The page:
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Opening arguments begin in the Ghislaine Maxwell case


Opening statements began today in the trial against Ghislaine Maxwell. She is the former companion of Jeffrey Epstein, the late financier and convicted sex offender whose death in federal custody was ruled a suicide. Maxwell is charged with enabling and participating in sexual exploitation of minors on Epstein's behalf. NPR's Jasmine Garsd was at the federal courtroom in Manhattan today, where the trial is taking place. And, Jasmine, begin with what was said in opening statements today.

JASMINE GARSD, BYLINE: Prosecutor Laura Pomerantz started off by telling the story of a woman who says she was approached when she was 14 years old by Jeffrey Epstein and Ghislaine Maxwell and sexually abused and exploited for years. She's one of the four women who will be taking the witness stand. And the prosecutor repeatedly emphasized the words children and kids. And they very much painted a picture that involved class - children who often came from poor families, broken families, single-parent families who say they were targeted and exploited by Epstein and Maxwell. Most importantly, they said they will prove that Maxwell was, quote, "essential" to Epstein abusing these girls, that she knew exactly what was going on and that she herself was a predator. And she did all this, in part, as a means to stay involved in Epstein's lavish lifestyle.

Now, defense lawyer Bobbi Sternheim, on the other hand, started off her statement going all the way back to Adam and Eve and how Eve took the fall for Adam, a point she repeated several times. The point she's making is Maxwell didn't know about Epstein's lifestyle, and she's now taking the fall for him.

SHAPIRO: This case has received a lot of attention, much of it focusing on Jeffrey Epstein. So tell us more about the defendant, Ghislaine Maxwell.

GARSD: Maxwell is the daughter of British media mogul Robert Maxwell. In the early '90s, she had a romantic relationship with Jeffrey Epstein. And it's alleged that she went on to be the person who procured very young girls for him, sometimes even partaking in the abuse. And she's facing several felony counts, including trafficking of minors. Maxwell was arrested in 2020, about a year after Jeffrey Epstein died in a Manhattan Correctional Center in what was ruled a suicide. Her defense team is arguing that this is a trial of Jeffrey Epstein by proxy.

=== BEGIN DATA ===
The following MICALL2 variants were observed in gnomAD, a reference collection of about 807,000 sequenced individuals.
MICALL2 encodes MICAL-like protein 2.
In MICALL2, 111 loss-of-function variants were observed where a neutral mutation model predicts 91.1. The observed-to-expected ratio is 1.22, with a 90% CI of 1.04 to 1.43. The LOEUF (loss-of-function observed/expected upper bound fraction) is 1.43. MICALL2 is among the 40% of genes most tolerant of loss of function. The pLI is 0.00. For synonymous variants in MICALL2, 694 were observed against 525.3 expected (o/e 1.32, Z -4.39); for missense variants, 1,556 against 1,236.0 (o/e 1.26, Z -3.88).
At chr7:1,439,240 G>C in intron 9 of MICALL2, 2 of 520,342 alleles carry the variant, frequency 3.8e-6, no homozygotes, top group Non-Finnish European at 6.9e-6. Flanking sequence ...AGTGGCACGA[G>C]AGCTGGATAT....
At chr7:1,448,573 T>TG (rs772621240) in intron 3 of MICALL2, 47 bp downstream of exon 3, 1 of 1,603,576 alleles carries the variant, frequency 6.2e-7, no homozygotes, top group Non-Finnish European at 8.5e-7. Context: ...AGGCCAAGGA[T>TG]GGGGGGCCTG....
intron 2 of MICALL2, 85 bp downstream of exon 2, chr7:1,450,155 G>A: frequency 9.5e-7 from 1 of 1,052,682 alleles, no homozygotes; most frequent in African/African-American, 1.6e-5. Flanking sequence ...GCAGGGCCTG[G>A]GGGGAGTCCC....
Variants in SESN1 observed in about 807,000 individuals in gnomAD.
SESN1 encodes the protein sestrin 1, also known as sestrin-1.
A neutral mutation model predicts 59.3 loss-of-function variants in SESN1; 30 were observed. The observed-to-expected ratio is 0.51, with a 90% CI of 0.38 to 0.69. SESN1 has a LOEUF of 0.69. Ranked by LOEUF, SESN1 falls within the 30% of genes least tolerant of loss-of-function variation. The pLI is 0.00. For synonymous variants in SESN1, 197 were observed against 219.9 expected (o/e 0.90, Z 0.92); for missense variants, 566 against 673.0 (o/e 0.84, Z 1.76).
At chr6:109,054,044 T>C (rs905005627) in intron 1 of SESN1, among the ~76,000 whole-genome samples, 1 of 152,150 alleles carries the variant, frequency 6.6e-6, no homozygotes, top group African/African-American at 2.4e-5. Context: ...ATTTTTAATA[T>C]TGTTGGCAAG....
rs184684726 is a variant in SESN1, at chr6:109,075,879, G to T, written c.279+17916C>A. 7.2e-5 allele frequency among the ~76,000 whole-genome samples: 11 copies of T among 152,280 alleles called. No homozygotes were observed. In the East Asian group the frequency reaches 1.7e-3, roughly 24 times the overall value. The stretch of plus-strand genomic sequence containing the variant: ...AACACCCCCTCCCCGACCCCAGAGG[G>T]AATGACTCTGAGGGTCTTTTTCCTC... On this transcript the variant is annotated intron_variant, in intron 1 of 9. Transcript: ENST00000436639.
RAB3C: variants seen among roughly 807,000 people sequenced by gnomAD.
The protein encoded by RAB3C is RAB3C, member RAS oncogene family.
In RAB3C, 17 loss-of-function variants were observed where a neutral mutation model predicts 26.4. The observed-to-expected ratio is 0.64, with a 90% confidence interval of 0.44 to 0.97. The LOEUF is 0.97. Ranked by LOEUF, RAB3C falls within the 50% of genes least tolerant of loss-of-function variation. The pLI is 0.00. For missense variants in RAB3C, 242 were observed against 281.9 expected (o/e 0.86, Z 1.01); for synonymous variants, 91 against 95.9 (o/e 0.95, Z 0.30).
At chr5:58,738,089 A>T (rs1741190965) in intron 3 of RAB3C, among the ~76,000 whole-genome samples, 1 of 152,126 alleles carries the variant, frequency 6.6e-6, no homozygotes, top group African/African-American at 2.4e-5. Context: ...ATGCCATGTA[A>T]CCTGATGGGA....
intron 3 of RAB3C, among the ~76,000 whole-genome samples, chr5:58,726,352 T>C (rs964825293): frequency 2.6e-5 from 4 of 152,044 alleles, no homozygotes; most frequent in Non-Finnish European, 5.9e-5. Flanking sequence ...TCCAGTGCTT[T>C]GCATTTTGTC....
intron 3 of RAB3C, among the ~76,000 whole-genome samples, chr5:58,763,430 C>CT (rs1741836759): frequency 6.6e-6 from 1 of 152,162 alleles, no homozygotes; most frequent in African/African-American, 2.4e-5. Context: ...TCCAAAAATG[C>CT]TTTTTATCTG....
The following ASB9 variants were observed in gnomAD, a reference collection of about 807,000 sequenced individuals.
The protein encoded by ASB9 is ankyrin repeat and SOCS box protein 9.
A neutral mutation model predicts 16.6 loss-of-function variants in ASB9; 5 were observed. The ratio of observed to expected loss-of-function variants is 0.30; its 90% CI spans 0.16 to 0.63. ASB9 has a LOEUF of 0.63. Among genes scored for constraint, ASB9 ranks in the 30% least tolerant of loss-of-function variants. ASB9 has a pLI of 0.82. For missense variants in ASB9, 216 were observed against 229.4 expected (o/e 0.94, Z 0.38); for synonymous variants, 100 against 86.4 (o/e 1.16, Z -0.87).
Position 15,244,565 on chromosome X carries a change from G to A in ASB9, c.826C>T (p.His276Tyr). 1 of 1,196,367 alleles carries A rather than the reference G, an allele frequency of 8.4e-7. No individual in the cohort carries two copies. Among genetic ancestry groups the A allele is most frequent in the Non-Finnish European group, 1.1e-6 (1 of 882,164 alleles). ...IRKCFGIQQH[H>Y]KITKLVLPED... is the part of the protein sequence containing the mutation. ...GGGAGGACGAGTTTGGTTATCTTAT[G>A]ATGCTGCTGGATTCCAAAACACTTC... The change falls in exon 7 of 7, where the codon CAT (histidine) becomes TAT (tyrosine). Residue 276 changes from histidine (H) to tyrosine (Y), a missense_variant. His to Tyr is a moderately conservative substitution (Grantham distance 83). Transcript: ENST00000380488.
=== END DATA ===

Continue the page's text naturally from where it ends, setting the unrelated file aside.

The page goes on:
SHAPIRO: What's the timeframe? How long is this expected to last?

GARSD: It's being said that this is going to last six weeks, but there is a lot of ground to cover here. The prosecution said they're going to be calling in relatives of accusers who are going to testify about the relationship between Jeffrey Epstein, Ghislaine Maxwell and underaged girls. They also promised to call in the some of Epstein's former employees, who will testify that Maxwell imposed a culture of silence in order to allow the sex abuse to happen. Now, the defendants seem to be taking the route of proving that Maxwell was an upstanding, cultured and respected citizen, and not the monster she's being portrayed as.

SHAPIRO: Any sense of whether we will hear from some of the high-profile figures, from politicians to royals, who were associated with Epstein?

GARSD: That has been shrouded in mystery so far. There is a sense that we're going to get some excerpts of Ghislaine Maxwell's notebook, which contained some contacts. But so far, it remains to be seen.

SHAPIRO: NPR's Jasmine Garsd, thanks for your coverage of the trial.

GARSD: Thank you. Transcript provided by NPR, Copyright NPR.

Jasmine Garsd is an Argentine-American journalist living in New York. She is currently NPR's Criminal Justice correspondent and the host of The Last Cup. She started her career as the co-host of Alt.Latino, an NPR show about Latin music. Throughout her reporting career she's focused extensively on women's issues and immigrant communities in America. She's currently writing a book of stories about women she's met throughout her travels.